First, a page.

Better Alternatives to Cosigning

As you can probably tell, getting a cosigner is usually a last-resort tactic for securing credit. It can be hard to find someone willing to put so much on the line for you. But luckily for you, there are plenty of better options.

Secured Credit Cards

A secured credit card is a good way to build or repair your own credit fairly quickly. The way it works is by securing your credit line with a deposit that the bank will hold for a specified period of time. They usually have minimum and maximum deposit limits that range from $250 to $1,500, and your credit limit is equal to that amount. 

Each credit card company handles cardholders’ deposits a little differently. For example, Discover’s policy states that they will review your account monthly to determine your eligibility for an unsecured card. But most other companies require you to use their card for six months to a year before receiving that consideration. I’ve also seen one or two that never return your deposit until you pay your account in full and close it out.

A secured credit card company will report your activity to all three credit bureaus just like any other. This means if you use it responsibly, you could boost your credit score very quickly.

Credit Builder Loans

Credit builder loans are another great way to build your credit. These loans are designed specifically for that reason and are most often offered at private banking institutions, such as credit unions or local banks.   

The way it works is that a bank “loans” you the money but you actually don’t get it upfront. Instead, they put it in a savings account for you and you make payments to the bank for the amount they provided. You can’t actually access the chunk of change that’s in this account until you’ve made all the payments. It’s sort of like a layaway plan for the money.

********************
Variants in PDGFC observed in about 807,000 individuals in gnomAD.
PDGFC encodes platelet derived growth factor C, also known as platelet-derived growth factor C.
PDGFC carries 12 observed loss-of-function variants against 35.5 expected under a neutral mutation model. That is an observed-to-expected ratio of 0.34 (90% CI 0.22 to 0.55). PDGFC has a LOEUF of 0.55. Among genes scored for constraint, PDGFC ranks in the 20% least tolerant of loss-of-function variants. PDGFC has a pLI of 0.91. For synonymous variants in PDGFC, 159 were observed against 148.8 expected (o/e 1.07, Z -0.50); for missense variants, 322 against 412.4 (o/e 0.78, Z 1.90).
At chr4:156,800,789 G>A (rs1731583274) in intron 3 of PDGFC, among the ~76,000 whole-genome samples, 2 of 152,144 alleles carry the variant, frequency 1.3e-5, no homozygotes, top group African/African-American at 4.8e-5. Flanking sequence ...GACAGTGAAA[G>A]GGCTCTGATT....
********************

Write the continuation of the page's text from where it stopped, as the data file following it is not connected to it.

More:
There are several benefits of credit builder loans that might make perfect sense for your situation. For one thing, because the money is secured, it’s an easier loan to qualify for. Of course, this is only beneficial if you’re using it to build your credit, not if you actually need a loan for a purchase.

For another thing, the interest rates on these loans are usually lower than secured credit cards or any bad credit loans you might qualify for with a low score. 

And thirdly, it’s a good option for people who have trouble saving money. Since you can’t touch the loan until it’s paid for, you have no choice but to continue saving it. And you could end up with a good-sized amount of money in the end that will be useful for a down payment on a car, a home, or another big purchase you’ve been waiting to make.

Authorized Users

Becoming an authorized user on someone else’s account is probably the lowest risk tactic available for building your credit. Rather than convincing someone to cosign your loan, you can ask them to put you on their account as an authorized user. When they do that, their credit activity for their card is reported on your credit report just like it is on theirs.

Of course, you’ll obviously need to make sure the person you ask is responsible with their credit. 

It’s also sometimes much easier to convince someone to do this than to cosign a loan for you because they don’t have to actually give you access to their card. In other words, they can add you as an authorized user without giving you their account numbers or information.

And most companies don’t allow authorized users to make changes to the cardholders’ accounts or access the same benefits, so it can be a relatively safe exchange.

If they do trust you enough to go ahead and let you carry a card, however, this can benefit them in some ways as well. Mainly, if they have a points card, you can help them rack up points. Not to mention, you could offer to help with the payments.

Bottom Line

Asking someone to cosign for a credit card probably isn’t necessary since you have other much better options. And the companies that allow it are few and far between.

But if you do decide this is the best option for you, make sure you treat it responsibly. And as soon as your credit score is in the range you want it, try applying for a card on your own. 

Related Posts

8 Best Prepaid Debit Cards With Direct Deposit

8 Best Prepaid Debit Cards With Direct Deposit

How Often Should I Use My Credit Card To Keep It Active?

How Often Should I Use My Credit Card To Keep It Active?

Discover it Secured Credit Card Review

Discover it Secured Credit Card Review

Fingerhut Review: Credit Access, High Fees

Fingerhut Review: Credit Access, High Fees

Mike Pearson

Mike is a recognized credit expert and founder of Credit Takeoff. His credit advice has been featured in Investopedia,, Bankrate, Huffpost, The Simple Dollar, Reader's Digest, LendingTree, and Quickbooks. Read more.